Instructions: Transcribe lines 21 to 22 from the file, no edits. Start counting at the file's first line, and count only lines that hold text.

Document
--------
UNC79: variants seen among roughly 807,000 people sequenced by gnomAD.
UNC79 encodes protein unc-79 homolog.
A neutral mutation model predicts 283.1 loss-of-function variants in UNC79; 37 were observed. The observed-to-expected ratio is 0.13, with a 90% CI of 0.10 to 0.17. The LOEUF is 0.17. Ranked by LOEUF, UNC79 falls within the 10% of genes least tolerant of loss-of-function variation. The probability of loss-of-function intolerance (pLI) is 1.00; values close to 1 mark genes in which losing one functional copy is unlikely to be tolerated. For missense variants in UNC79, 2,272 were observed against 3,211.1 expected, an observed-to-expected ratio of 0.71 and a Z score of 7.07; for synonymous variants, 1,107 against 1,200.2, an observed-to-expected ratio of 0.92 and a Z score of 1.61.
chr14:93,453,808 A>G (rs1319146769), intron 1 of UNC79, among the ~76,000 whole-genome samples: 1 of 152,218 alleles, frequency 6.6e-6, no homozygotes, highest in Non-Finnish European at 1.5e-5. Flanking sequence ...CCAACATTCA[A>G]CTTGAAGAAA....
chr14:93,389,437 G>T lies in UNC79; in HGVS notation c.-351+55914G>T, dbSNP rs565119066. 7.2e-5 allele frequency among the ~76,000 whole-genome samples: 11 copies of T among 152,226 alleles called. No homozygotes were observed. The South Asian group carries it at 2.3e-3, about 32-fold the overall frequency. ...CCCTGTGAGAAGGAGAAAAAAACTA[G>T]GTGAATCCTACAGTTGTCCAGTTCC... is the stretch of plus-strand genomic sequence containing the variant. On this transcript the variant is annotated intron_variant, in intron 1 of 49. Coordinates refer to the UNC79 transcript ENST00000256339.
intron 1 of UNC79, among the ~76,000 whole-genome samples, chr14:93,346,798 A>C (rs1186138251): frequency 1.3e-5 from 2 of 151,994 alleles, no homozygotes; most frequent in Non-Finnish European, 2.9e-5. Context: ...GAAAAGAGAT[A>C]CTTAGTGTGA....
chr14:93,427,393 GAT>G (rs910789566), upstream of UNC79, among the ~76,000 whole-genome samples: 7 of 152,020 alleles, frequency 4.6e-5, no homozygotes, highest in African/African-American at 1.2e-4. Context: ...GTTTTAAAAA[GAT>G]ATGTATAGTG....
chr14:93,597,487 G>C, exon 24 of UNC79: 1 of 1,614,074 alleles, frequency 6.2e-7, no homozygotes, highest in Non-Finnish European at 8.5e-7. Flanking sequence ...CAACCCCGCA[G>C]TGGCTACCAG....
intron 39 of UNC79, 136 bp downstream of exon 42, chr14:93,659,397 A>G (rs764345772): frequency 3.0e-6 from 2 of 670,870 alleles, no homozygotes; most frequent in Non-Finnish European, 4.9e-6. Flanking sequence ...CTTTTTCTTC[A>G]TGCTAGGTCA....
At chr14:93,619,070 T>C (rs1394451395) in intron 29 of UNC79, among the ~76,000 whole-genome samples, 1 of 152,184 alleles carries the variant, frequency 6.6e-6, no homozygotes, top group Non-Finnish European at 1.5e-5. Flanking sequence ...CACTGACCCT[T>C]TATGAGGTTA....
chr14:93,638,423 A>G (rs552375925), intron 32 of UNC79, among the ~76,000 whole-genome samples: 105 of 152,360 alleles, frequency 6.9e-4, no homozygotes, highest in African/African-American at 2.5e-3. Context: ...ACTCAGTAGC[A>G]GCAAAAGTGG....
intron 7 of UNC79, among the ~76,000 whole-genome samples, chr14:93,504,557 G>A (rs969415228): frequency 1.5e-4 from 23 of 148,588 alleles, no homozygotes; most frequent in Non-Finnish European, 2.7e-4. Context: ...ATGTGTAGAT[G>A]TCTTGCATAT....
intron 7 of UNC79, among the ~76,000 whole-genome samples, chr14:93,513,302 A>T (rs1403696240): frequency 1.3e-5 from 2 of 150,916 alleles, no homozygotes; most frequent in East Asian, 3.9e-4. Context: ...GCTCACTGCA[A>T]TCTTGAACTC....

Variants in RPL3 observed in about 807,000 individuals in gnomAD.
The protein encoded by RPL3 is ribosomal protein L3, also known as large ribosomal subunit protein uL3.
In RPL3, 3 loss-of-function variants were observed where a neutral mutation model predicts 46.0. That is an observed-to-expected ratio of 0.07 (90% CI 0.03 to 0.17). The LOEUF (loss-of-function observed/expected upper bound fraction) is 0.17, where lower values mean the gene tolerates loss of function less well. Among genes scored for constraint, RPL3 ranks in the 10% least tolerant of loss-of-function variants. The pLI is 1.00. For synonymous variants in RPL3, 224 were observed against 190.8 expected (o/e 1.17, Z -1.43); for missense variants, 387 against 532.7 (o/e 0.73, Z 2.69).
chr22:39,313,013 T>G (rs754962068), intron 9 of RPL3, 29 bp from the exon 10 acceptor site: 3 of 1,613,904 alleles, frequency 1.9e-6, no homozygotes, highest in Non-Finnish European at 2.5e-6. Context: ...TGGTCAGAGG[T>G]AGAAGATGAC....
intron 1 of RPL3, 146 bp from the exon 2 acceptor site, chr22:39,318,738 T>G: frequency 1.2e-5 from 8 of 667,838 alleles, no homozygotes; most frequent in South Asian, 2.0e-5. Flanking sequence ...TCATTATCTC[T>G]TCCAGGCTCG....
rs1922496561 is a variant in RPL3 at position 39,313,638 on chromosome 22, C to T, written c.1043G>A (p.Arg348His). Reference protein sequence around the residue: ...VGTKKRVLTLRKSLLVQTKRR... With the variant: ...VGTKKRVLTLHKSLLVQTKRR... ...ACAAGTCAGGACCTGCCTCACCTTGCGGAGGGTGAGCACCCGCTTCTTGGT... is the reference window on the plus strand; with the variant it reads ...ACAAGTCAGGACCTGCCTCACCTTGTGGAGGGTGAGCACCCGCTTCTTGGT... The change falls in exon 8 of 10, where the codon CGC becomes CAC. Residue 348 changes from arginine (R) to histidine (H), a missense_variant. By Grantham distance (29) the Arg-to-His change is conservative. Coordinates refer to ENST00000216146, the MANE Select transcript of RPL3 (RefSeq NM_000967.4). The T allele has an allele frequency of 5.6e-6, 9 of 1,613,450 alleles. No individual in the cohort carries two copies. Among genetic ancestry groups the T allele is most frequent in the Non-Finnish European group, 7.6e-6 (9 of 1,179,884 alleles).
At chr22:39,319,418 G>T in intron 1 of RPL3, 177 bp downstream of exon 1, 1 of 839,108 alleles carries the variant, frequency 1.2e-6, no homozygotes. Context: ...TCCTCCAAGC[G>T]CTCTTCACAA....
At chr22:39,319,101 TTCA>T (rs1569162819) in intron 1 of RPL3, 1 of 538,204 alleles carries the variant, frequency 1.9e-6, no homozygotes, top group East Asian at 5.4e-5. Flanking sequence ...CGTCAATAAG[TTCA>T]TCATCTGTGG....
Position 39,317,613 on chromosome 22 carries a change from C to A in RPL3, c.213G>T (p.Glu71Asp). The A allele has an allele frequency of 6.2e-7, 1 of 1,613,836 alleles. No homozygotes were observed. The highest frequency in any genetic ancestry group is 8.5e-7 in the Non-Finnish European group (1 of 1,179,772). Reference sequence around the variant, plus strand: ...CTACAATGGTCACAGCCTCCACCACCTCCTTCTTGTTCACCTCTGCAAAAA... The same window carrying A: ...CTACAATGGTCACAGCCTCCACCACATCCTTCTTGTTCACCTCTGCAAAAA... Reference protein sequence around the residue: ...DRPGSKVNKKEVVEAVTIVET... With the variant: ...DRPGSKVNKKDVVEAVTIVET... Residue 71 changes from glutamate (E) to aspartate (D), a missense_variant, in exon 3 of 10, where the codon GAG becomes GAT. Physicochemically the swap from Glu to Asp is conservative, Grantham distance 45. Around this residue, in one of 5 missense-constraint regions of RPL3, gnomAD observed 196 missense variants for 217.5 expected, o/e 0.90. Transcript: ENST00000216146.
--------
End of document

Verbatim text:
At chr22:39,319,101 TTCA>T (rs1569162819) in intron 1 of RPL3, 1 of 538,204 alleles carries the variant, frequency 1.9e-6, no homozygotes, top group East Asian at 5.4e-5. Flanking sequence ...CGTCAATAAG[TTCA>T]TCATCTGTGG....
Position 39,317,613 on chromosome 22 carries a change from C to A in RPL3, c.213G>T (p.Glu71Asp). The A allele has an allele frequency of 6.2e-7, 1 of 1,613,836 alleles. No homozygotes were observed. The highest frequency in any genetic ancestry group is 8.5e-7 in the Non-Finnish European group (1 of 1,179,772). Reference sequence around the variant, plus strand: ...CTACAATGGTCACAGCCTCCACCACCTCCTTCTTGTTCACCTCTGCAAAAA... The same window carrying A: ...CTACAATGGTCACAGCCTCCACCACATCCTTCTTGTTCACCTCTGCAAAAA... Reference protein sequence around the residue: ...DRPGSKVNKKEVVEAVTIVET... With the variant: ...DRPGSKVNKKDVVEAVTIVET... Residue 71 changes from glutamate (E) to aspartate (D), a missense_variant, in exon 3 of 10, where the codon GAG becomes GAT. Physicochemically the swap from Glu to Asp is conservative, Grantham distance 45. Around this residue, in one of 5 missense-constraint regions of RPL3, gnomAD observed 196 missense variants for 217.5 expected, o/e 0.90. Transcript: ENST00000216146.